BRITT: Boys and girls. Liberators was both boys and girls. But I do remember the junior teenagers [and] senior teenagers. We had different programs, because I remember them taking the senior teenagers to Washington D.C.. We would ride on the Emmaus House bus. And we had this guy named Ralph—he would help Father Ford drive, and it was amazing how they’d switch up. They didn’t stop the bus. One would just get up, and one would just slide in and the bus keep moving. I didn’t go to Washington, but I did go to like New York. We went to New York on the bus, and we went to New Orleans. I remember going to New Orleans, and it was fun, but it was tragic too. Because we had some kids that died, drowned. Yes, that was a hard trip right there.
LANDS: One of the other people I interviewed mentioned “Among Ourselves”?
BRITT: “Among Ourselves.” Yes.
LANDS: Is that a different age group, or is it a different time period?
BRITT: Just a different time. Yes, [a] different time, you know, around the same age. I remember that group too. I can’t remember who was in it. It’s just been so many names, you know. We wanted a name. We’d, you know, get a name.
LANDS: So, it was like having a club?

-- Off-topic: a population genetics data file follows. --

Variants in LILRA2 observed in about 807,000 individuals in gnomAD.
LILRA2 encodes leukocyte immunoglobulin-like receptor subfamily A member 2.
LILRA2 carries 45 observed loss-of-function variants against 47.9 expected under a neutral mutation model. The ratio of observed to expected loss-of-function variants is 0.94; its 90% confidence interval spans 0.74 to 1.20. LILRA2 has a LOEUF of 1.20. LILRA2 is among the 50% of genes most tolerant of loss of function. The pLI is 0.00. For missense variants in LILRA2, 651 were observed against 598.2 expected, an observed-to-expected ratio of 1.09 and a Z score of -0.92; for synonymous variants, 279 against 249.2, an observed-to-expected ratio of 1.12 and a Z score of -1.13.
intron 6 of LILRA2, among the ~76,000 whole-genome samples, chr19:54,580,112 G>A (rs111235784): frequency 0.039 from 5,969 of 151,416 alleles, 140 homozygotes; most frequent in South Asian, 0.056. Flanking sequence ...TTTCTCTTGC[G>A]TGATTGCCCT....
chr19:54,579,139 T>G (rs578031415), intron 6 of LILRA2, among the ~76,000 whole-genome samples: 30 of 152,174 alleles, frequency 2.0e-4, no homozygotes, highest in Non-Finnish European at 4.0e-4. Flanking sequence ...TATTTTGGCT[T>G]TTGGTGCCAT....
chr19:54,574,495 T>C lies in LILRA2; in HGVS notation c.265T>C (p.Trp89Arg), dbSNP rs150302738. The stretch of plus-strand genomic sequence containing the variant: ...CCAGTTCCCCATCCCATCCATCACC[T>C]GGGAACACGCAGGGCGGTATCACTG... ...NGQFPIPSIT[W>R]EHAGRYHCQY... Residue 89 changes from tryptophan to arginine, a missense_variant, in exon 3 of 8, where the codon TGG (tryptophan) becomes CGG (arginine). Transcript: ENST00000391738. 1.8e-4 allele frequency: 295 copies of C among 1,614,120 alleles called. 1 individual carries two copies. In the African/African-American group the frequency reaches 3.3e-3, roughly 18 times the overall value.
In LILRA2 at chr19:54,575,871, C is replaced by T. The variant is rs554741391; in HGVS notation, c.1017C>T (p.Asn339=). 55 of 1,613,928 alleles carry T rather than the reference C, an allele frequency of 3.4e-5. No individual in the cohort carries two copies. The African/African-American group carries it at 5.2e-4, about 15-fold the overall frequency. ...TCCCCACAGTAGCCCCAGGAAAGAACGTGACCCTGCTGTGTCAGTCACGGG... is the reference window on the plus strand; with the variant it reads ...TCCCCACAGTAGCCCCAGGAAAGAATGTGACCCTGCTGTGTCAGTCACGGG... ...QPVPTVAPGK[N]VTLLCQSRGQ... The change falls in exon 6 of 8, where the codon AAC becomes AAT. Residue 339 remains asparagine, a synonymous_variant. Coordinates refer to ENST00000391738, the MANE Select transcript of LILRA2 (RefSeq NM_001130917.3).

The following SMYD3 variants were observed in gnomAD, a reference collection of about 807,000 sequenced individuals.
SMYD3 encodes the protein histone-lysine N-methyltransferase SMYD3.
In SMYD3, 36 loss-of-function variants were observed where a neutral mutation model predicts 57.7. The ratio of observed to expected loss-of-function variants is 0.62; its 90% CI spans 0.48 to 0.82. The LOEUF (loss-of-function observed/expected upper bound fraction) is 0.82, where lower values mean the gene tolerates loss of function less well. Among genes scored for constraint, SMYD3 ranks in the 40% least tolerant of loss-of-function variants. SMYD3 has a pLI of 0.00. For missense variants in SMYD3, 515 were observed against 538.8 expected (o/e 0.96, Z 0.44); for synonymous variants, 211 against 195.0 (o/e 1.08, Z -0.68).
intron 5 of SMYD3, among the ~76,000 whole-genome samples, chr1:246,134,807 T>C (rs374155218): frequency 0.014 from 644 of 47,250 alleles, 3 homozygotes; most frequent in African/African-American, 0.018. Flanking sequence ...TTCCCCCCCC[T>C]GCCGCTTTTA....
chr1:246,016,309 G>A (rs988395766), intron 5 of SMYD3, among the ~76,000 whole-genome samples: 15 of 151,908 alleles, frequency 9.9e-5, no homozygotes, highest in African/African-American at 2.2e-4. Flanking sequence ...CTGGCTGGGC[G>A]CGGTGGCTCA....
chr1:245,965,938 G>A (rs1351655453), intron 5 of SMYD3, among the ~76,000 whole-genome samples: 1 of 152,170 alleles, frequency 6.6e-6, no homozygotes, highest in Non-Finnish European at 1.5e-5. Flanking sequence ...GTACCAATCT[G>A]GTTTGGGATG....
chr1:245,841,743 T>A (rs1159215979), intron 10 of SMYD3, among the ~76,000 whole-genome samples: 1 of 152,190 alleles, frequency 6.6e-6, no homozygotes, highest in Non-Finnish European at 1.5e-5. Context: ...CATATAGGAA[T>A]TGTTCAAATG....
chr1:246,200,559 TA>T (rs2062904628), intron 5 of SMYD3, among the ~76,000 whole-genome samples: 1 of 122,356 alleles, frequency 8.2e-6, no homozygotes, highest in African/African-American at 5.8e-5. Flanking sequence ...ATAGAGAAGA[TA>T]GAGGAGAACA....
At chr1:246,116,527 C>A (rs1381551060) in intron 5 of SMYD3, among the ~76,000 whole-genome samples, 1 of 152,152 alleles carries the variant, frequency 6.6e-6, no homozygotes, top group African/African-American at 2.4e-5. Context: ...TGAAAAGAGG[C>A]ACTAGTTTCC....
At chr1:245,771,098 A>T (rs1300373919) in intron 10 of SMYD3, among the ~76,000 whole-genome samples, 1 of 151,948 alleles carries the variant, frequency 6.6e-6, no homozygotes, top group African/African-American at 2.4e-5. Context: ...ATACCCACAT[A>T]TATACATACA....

BRITT: I remember Sue Taylor. She was taking classes at Georgia State, and she had put on some kind of play. So, she came and got us to put on a play. Oh, they loved it. We were good. We had to write it and everything, you know. So, we wrote the play. Then, we performed the play at Georgia State. It was so much fun. And that was the Liberators that did that. Yes, some of us from the Liberators.
LANDS: What was your play about?
BRITT: [It was] about the neighborhood. Oh, it was about the country store. I was the owner of the country store. So I was a grandmamma. And, then, I had my granddaughter working with me in the store. And, then, somebody come in to rob the store. But, grandma, I was bad. Grandma was bad [laughs]. Grandma reached up under the counter, you know. She was talking. I was just talking. I said, “Baby you’d bring me a bag of flour?” You know, [I was] talking to the little granddaughter or whatever. I forget who that was, but I reached up under my counter— because the man come in wanting to rob the store—I reached up under the counter, grabbed my shotgun, pointed it at him, said a few words to him, you know. He had to leave because my shotgun was kind of intimidating. So, it was just about that, you know. That was fun. So, we wrote it and did it. [We] gave everybody their parts and casting and everything [laughs]. That was fun. It was fun. I think, how old was I then, I was about fifteen. And everybody really liked the grandmamma. I’m just saying this now because it was me. I’m just saying because actually I had gone to Northside—it was Northside High School then—performing arts for a summer, for the performing arts and dance and stuff. I had gone there. So I got a little acting lessons and a little dancing lesson, and singing lessons there. So it was right after that summer that I did that. Yes, I was about fifteen, and I got my little part. I knew how to be a grandmamma [laughs].